Because food insecurity and food waste go hand in hand as they create a positive feedback loop, organizations such as The World Bank are taking action into food insecurity by providing loans, and other financial support for countries such as Bolivia, Jordan, Chad, etc., that need support in areas such as agriculture, social protection, and nutrition. An example is the Emergency Food Security and Resilience Support Project for $500 million to support Egypt’s efforts in strengthening resilience to food crises and support reforms to improve nutrition. With less food waste there is better food security and if there is more food waste there is increased food insecurity. It is important to tackle these issues together to ensure improvement in all layers of the food process chain.

Food Waste Innovations

Today we can also rely on technology and innovation to combat the wasted food issue. Below I list some examples of companies battling food waste that we can look out for and support.


Apeel created an invisible, edible coating, which can be used on fruits and vegetables to increase their shelf life. Their coating is innovative in the sense that it is created from wasted agricultural materials that otherwise would have been thrown away. The coating ensures that moisture is kept inside while oxygen is kept out to reduce spoilage of the product.


Tenzo uses AI to forecast sales, growth trends, weather data, and so much more to predict your food usage and slash your food waste. It is hyper-accurate and can even forecast right down to a specific menu item level.


The FridgeCam by Smarter’s concept has been implemented into many up to date fridges. The Smarter FridgeCam is designed so that a photo is taken every time the fridge door is closed and can be found on the mobile app. Allowing the consumer to easily see what is in the fridge at a recent time, allowing for easy meal planning and shopping. There are many other features in the app such as tracking best before dates that add to the experience.

Happy Planet & Loop

Happy Planet & Loop are similar companies as they both use produce that might not have otherwise been bought, due to imperfections, and create juices, alcohol, soups, etc., from them. They are both proud of their success in reducing food waste and loss, as well as other sustainability initiatives in their companies such as sustainable packaging.


Bandoim, L. (2020, January 26). The Shocking Amount of Food U.S. Households Waste Every Year. Forbes. https://www.forbes.com/sites/lanabandoim/2020/01/26/the-shocking-amount-of-food-us-households-waste-every-year/?sh=446d623d7dc8

Greenly. (2022, April 08). Global Food Waste in 2022. https://www.greenly.earth/blog-en/global-food-waste-in-2022

Love Food Hate Waste Canada. (2022). Food Waste in the Home. https://lovefoodhatewaste.ca/about/food-waste/

Mouysset, C. (2019, June 10). 15 Emerging Technologies Helping Reduce Food Waste. Lightspeed. https://www.lightspeedhq.com/blog/food-waste-emerging-technologies/

The World Bank. (2022, October 17). Food Security Update. https://www.worldbank.org/en/topic/agriculture/brief/food-security-update

United Nations. (2022). Global Issues: Food. https://www.un.org/en/global-issues/food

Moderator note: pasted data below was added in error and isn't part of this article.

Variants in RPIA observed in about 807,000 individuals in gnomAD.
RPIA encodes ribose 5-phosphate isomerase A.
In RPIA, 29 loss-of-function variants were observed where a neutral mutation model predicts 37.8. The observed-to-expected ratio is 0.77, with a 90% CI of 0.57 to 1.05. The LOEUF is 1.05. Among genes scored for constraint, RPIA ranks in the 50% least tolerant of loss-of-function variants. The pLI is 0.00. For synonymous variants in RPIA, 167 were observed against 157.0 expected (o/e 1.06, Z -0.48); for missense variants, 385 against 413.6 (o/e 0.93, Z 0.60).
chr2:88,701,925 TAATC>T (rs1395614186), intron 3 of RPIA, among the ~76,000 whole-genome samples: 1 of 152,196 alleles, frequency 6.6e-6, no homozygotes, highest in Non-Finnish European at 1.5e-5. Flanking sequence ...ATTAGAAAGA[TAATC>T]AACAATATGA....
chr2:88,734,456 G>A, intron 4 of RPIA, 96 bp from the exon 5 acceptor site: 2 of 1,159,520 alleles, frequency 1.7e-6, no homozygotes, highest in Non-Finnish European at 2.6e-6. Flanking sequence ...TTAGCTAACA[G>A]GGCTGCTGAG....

About Post Author

Alicia Advincula

Alicia graduated from the University of Guelph with an Honours Bachelor of Bio-Resource Management degree in Environmental Management in 2020. Through the years of 2020-2022 she completed a Certificate in Business and a Certificate in Environmental Conservation also at the University of Guelph, to broaden her understanding and skills in these areas. Alicia’s passions lie in Environmental Education, Sustainability, Corporate Social Responsibility (CSR) and Environmental, Social, Governance (ESG). In her free time she enjoys working on her knowledge and skills in these areas, completing multiple ISO and other CSR and ESG online courses
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4 thoughts on “Wasted Food & Innovations

  1. This is so informative! Food insecurity is such a major issue that so many aren’t aware even affects them. I also love the addition of brands that are really putting in the work. Now I know some things to look for while grocery shopping! Thank you!

  2. Unfortunately people are so fixated on the way the produce looks rather than its nutritional value. You did a great job of highlighting that food insecurity is not necessarily just a supply problem but an overall food management issue.

    1. It is really unfortunate as you say Elena. There is a lot of mindset shift that needs to take place in order to address most of the sustainability issues we are facing. The aesthetic of a food item most as times has nothing to do with how nutritional it is or how good it tastes. As a matter of fact, the “ugly” foods are often those that are more natural, as they haven’t been genetically modified.

  3. Your article actually makes me realise that food waste and climate change form some sort of a vicious cycle. Basically climate change makes weather conditions unpredictable and this causes poor harvests for farmers. Poor harvests impact the whole food chain down the line and increase chances of food being wasted. The wasted food produces methane gas if landfilled, and this methane further intensifies climate change and the cycle continues. We need to break this cycle.